Bands don’t typically send us riders for Tiny Desk concerts, but the intercontinental pop powerhouse Superorganism did politely request crunchy apples and cans of soda — as instruments, not refreshments. They were far from the only unconventional noisemakers and doodads to populate this wild-eyed feast of playful fun, either, and that’s saying nothing of the 20 inflatable whales. Or, you know, the song about prawns.
This year’s Tiny Desk Contest winner, Naia Izumi, is one of the most dazzling guitarists we’ve seen, and he’s got a voice that conjures memories of Jeff Buckley. Here, Izumi joins the ranks of past Tiny Desk Contest winners Fantastic Negrito (who’s since won a Grammy and been nominated for another), Gaelynn Lea (who released a gorgeous album this year) and Tank and the Bangas (who recently signed a major-label deal), as well as one of 2018’s most talked-about finalists, Hobo Johnson, whose Tiny Desk Contest entry went viral.
The Band’s Visit
The first-ever Broadway musical to play the Tiny Desk, The Band’s Visit — starring, among others, Katrina Lenk and Tony Shalhoub — showed up in the morning, performed a few pieces, and zoomed back to New York in time to make a 7 p.m. curtain. A few weeks later, the show won a staggering 10 Tony Awards, including best musical, best director and best score, not to mention lead-acting awards for Lenk and Shalhoub. Coincidence?
Everything about Jorja Smith’s Tiny Desk debut suggested that we were in for a low-key hang: the languid, minimalist arrangements; the young U.K. singer’s relaxed demeanor and smooth delivery; and even the visual atmosphere, which mixed dreamy mood lighting with the dimmer contributions from heavy grey skies outside. But the performance itself was a master class in subtle star power, as the roughly 6.8 million YouTube views (and counting) surely suggest.
Khalid wasn’t the youngest Tiny Desk performer of 2018 — that’d surely be America’s Got Talent winner and Bob Boilen favorite Grace VanderWaal, at 14 — but the pop and R&B singer was only 20 when he turned up to perform a handful of songs he’d written as an angst-ridden high-school SoundCloud star. The five-time Grammy nominee pulls off a remarkable mix here and elsewhere, balancing youthful uncertainty with a showman’s burgeoning confidence and undeniable talent.
Icelandic composer Ólafur Arnalds specializes in sweet, languid, string-swept soundscapes like “Árbakkinn,” which opens this gorgeous set. But Arnalds’ Tiny Desk concert is all about invention in more ways than one: A few minutes in, the pianist taps a few keys on an electronic keyboard, only to trigger a flurry of notes on the untouched and exposed pianos behind him. The product of software he and a friend spent two years developing, it’s the kind of sound the Tiny Desk is all about: beautiful and stirring, unique to the moment, and an utter surprise.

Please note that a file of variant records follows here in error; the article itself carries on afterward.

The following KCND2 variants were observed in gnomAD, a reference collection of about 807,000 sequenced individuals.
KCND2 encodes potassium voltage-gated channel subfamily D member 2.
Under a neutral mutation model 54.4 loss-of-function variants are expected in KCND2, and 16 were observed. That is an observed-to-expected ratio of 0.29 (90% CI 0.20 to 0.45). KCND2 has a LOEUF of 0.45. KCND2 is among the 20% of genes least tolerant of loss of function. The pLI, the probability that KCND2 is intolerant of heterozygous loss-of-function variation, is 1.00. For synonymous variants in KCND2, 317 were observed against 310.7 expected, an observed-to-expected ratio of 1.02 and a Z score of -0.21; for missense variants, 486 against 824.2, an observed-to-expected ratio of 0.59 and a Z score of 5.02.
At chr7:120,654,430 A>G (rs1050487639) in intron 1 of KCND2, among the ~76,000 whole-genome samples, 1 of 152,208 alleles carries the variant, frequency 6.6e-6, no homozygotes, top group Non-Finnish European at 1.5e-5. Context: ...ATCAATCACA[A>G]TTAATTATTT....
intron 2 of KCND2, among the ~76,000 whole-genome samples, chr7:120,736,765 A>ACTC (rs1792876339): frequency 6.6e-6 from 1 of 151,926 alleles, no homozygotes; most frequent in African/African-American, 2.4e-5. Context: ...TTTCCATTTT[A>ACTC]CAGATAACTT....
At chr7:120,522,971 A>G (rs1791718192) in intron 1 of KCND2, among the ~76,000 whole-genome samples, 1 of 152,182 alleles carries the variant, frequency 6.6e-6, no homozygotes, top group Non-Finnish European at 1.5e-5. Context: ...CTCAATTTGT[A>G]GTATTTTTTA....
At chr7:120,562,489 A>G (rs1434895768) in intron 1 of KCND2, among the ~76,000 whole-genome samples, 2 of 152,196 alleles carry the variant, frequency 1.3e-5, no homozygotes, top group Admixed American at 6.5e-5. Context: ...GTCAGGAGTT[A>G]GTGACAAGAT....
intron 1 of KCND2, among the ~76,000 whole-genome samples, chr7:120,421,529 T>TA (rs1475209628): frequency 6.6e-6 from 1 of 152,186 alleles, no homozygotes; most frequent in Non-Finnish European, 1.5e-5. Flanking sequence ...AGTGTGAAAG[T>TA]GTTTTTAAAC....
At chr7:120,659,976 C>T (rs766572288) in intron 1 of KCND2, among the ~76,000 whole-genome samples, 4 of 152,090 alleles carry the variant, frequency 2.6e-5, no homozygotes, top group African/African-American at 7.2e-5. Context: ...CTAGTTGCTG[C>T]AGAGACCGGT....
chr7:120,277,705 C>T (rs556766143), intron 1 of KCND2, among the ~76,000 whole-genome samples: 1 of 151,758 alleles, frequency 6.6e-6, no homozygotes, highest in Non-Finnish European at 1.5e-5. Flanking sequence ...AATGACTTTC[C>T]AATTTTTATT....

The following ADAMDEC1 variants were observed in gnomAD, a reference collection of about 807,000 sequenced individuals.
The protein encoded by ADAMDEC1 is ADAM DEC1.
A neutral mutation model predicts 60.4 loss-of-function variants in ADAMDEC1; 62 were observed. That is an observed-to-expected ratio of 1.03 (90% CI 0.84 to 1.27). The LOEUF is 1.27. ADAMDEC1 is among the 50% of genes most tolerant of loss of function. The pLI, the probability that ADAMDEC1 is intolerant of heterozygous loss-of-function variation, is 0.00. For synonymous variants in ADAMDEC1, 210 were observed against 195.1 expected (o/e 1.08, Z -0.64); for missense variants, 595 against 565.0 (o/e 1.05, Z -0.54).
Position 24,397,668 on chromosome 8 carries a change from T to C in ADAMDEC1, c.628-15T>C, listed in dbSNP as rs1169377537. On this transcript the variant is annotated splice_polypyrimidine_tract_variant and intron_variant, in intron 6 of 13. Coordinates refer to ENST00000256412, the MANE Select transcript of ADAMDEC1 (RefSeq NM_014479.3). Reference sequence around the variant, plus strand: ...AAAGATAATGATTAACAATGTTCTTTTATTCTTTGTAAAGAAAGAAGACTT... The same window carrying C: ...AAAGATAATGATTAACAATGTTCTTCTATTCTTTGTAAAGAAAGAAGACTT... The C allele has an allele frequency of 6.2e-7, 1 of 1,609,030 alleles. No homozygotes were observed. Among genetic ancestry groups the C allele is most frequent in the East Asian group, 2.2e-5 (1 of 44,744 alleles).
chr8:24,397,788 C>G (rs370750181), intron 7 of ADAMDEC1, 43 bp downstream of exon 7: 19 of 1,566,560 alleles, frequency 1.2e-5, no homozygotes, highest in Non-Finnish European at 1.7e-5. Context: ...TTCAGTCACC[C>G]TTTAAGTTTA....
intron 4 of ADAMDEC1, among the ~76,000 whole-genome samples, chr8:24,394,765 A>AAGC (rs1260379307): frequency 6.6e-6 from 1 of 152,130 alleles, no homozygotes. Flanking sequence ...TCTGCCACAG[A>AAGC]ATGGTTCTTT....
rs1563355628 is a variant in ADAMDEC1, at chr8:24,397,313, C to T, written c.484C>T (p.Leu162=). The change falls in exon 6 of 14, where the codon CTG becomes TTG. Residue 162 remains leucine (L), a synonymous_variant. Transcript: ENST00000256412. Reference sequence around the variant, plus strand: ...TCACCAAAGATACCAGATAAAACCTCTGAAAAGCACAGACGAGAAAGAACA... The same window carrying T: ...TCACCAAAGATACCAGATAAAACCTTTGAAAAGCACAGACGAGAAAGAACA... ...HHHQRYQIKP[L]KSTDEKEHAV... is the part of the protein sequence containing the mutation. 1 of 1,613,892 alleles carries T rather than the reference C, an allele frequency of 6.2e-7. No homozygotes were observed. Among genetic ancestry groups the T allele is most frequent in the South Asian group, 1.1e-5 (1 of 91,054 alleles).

Mac Miller’s Tiny Desk concert was meant to be a turning point: the first time he’d perform songs from a new album called Swimming. In a wonderfully good-natured and reflective set, backed at one point by Thundercat, Miller looked forward and backward with no small measure of approachability and charisma. Even after a long run of successes and setbacks, he seemed on the verge. Sadly, this would be one of his final performances: He died a little more than a month later, of a drug overdose at 26.
Tower of Power
Tower of Power’s history is hard to cram into a single paragraph: This year marks the 50th anniversary of the Oakland soul juggernaut, whose horn section has performed with basically everyone, ever. The group has undergone countless lineup changes — it’s had something like 60 different members — en route to its current configuration, but it remains the model of precision and force, not to mention pure, funky joy.
The easiest time to book major artists at the Tiny Desk — or anywhere — is when they have new projects to promote. But when neo-soul icon Erykah Badu stopped by, she showcased only a pair of jazzy, breezily beautiful classics: “Rimshot” (from 1997’s Baduizm) and the epic “Green Eyes” (which closes 2000’s Mama’s Gun). The crowd was positively electric, simmering with can’t-believe-she’s-here reverence from the first languid note to the last.